Contemporary Young Adult
Walker Children's Books
Received via NetGalley for review
THE STORY (from Goodreads)
Meet Josephine Foster, or Zo Jo as she’s called in the biz. The best pint-sized photographer of them all, Jo doesn’t mind doing what it takes to get that perfect shot, until she’s sent on an undercover assignment to shoot Ned Hartnett—teen superstar and the only celebrity who’s ever been kind to her—at an exclusive rehabilitation retreat in Boston. The money will be enough to pay for Jo’s dream: real photography classes, and maybe even quitting her paparazzi gig for good. Everyone wants to know what Ned’s in for. But Jo certainly doesn’t know what she’s in for: falling in love with Ned was never supposed to be part of her assignment.
The synopsis for Shooting Stars suggests we’ll get a fairly predictable tale of a young woman who sets out to accomplish one goal but inevitably realizes said goal no longer holds the appeal it did initially, and while it certainly is that, Ms. Rushby does add substance and a few twists that reduce the overall predictability to give us a pleasantly intriguing read. While we aren’t necessarily astounded by creative brilliance or floored by the poetic depth of the characters, we are given a quick and fun plot that’s perfect for those days when we just want a brief disconnect from our lives that doesn’t weigh us down with drama or overwhelm us with emotion, but rather allows us to sink into a story, enjoy ourselves, and then return to our lives with a smile of contentment.
Jo, also known as Paparazzo Jo or Zo Jo for short, is a surprisingly mature sixteen year-old, almost entirely on her own as her paparazzo father spends weeks at a time exploring business ventures overseas. She’s easy to like and easy to respect as guilt settles heavily on her shoulders from the very beginning over the job she’s assigned, and our respect for her only continues to grow as she battles internally with what she knows in her gut and heart is wrong, and externally with a woman who seems to have very little heart at all. She’s always thinking, not in a conniving or scheming way, but more in a remarkably adult way as she tries to absorb all the information she can before she makes a decision we know will profoundly hurt someone else.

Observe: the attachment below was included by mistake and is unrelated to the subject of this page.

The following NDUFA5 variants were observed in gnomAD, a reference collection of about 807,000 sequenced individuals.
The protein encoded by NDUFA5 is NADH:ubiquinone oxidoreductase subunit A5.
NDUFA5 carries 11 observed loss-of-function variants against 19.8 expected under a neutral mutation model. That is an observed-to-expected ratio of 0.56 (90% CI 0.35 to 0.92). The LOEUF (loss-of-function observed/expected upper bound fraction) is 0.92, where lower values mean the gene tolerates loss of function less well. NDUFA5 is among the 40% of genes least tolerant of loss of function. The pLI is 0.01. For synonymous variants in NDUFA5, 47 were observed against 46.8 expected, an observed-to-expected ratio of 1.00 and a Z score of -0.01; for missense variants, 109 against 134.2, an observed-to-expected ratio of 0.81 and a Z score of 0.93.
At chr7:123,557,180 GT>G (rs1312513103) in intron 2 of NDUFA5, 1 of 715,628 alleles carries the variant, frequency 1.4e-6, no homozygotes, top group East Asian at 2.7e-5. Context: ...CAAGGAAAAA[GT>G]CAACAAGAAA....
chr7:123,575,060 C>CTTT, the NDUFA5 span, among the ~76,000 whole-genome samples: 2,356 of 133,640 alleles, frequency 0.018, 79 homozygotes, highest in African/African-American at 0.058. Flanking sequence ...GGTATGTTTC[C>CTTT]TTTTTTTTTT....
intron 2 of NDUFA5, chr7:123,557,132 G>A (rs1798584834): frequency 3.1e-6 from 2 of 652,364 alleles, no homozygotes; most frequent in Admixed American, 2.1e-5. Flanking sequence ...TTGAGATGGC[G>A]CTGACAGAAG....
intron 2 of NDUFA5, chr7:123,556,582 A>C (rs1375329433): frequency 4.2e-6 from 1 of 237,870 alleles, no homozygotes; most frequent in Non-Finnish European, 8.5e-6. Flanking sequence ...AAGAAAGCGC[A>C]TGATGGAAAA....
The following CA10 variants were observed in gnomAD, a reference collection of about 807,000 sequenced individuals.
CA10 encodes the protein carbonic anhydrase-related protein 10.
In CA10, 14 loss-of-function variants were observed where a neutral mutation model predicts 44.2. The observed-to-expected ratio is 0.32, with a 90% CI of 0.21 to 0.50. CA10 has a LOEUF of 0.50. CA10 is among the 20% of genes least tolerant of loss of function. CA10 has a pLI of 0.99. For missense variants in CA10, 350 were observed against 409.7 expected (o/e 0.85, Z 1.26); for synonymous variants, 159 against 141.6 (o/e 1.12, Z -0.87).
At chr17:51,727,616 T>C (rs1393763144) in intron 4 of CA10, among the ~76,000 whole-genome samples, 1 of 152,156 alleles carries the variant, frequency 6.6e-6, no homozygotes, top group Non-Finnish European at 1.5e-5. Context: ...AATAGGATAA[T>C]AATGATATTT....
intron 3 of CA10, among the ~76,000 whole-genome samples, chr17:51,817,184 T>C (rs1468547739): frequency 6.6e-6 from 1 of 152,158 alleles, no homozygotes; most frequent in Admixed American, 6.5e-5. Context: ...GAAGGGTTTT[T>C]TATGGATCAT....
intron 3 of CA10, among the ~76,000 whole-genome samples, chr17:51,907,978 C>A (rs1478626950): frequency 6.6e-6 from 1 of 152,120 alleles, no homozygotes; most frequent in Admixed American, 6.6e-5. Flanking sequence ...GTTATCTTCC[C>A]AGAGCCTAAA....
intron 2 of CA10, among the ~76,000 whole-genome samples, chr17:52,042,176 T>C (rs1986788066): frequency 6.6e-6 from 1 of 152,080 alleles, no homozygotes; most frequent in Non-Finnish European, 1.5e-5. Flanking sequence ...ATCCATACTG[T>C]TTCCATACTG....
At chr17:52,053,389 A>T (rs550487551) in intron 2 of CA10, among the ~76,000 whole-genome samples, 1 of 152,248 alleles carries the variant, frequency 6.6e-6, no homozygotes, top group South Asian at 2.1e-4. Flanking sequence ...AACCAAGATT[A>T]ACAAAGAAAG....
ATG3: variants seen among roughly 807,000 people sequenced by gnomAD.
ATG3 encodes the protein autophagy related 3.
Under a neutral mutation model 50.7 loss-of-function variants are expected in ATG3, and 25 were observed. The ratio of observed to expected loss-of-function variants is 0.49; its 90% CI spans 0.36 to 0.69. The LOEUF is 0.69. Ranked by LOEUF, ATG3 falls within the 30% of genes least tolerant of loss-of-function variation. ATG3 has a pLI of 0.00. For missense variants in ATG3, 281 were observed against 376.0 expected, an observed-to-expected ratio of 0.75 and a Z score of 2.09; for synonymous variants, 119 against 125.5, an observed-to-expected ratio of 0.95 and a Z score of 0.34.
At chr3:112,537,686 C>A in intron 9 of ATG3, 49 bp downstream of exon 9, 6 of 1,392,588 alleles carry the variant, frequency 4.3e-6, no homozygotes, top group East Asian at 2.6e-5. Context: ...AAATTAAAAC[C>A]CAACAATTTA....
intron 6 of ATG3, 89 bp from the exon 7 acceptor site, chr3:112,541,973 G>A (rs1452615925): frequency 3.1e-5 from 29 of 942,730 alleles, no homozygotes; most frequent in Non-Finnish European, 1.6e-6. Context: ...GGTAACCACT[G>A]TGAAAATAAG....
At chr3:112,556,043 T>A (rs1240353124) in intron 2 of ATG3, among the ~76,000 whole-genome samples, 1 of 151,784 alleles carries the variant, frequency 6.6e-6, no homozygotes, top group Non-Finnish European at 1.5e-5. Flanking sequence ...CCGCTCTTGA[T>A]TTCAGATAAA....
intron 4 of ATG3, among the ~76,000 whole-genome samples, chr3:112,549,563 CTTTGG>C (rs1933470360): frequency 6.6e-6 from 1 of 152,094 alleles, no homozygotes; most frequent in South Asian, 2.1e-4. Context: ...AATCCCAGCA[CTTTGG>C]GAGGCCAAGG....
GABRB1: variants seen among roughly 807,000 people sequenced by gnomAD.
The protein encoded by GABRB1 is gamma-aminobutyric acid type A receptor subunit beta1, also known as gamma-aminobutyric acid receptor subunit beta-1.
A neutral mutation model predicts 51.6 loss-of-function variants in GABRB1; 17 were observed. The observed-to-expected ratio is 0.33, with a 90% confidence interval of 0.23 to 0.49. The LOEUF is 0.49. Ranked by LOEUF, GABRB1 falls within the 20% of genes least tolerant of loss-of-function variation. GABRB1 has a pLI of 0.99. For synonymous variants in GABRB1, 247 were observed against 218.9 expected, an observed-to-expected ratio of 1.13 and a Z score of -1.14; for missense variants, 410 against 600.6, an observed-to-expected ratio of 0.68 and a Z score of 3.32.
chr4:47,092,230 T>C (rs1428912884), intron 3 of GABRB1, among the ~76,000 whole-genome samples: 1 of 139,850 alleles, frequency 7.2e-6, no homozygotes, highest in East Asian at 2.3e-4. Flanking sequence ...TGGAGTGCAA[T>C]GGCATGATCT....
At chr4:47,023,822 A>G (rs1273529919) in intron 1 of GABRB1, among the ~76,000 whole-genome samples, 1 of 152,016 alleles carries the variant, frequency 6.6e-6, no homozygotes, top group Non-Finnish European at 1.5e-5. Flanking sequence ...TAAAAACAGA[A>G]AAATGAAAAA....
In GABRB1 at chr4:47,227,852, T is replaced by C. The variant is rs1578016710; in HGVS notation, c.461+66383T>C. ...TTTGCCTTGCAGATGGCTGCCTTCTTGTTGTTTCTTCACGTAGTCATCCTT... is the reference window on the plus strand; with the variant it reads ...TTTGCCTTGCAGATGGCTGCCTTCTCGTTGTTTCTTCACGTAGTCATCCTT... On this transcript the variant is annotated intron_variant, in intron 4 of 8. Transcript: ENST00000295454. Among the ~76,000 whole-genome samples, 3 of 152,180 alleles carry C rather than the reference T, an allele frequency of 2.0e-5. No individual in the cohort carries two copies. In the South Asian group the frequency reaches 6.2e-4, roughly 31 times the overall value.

Though this is a shorter story coming in under three hundred pages, the romantic element doesn’t feel rushed or forced, progressing at a nice pace that’s cute and believable without any added teenage angst or melodrama. Ned matches Jo in maturity–the circumstances of their lives forcing them to grow up far quicker than their peers—and as a result their conversations feel more meaningful than we expect initially, bringing a smile to our faces as we bask in the genuineness of their interactions despite the monstrous lie wedged snugly between them. The tension created by the large elephant following them room to room in the retreat flutters incessantly in our guts the entire time we read, our sweet romantic haze tempered by our nervousness over the impending showdown when Ned learns the truth of Jo’s presence, giving us just enough of a bite to the story to keep us interested and emotionally involved.
Ms. Ashby tosses a few twists in toward the end, events unfolding in a way we don’t necessarily see coming (at least I didn’t), and delighting us with a bit of a new direction when we had already resigned ourselves to an easily foreseeable conclusion. Cute, quick, and light, Shooting Stars is the perfect palate cleanser before starting or after finishing a richer and heavier story.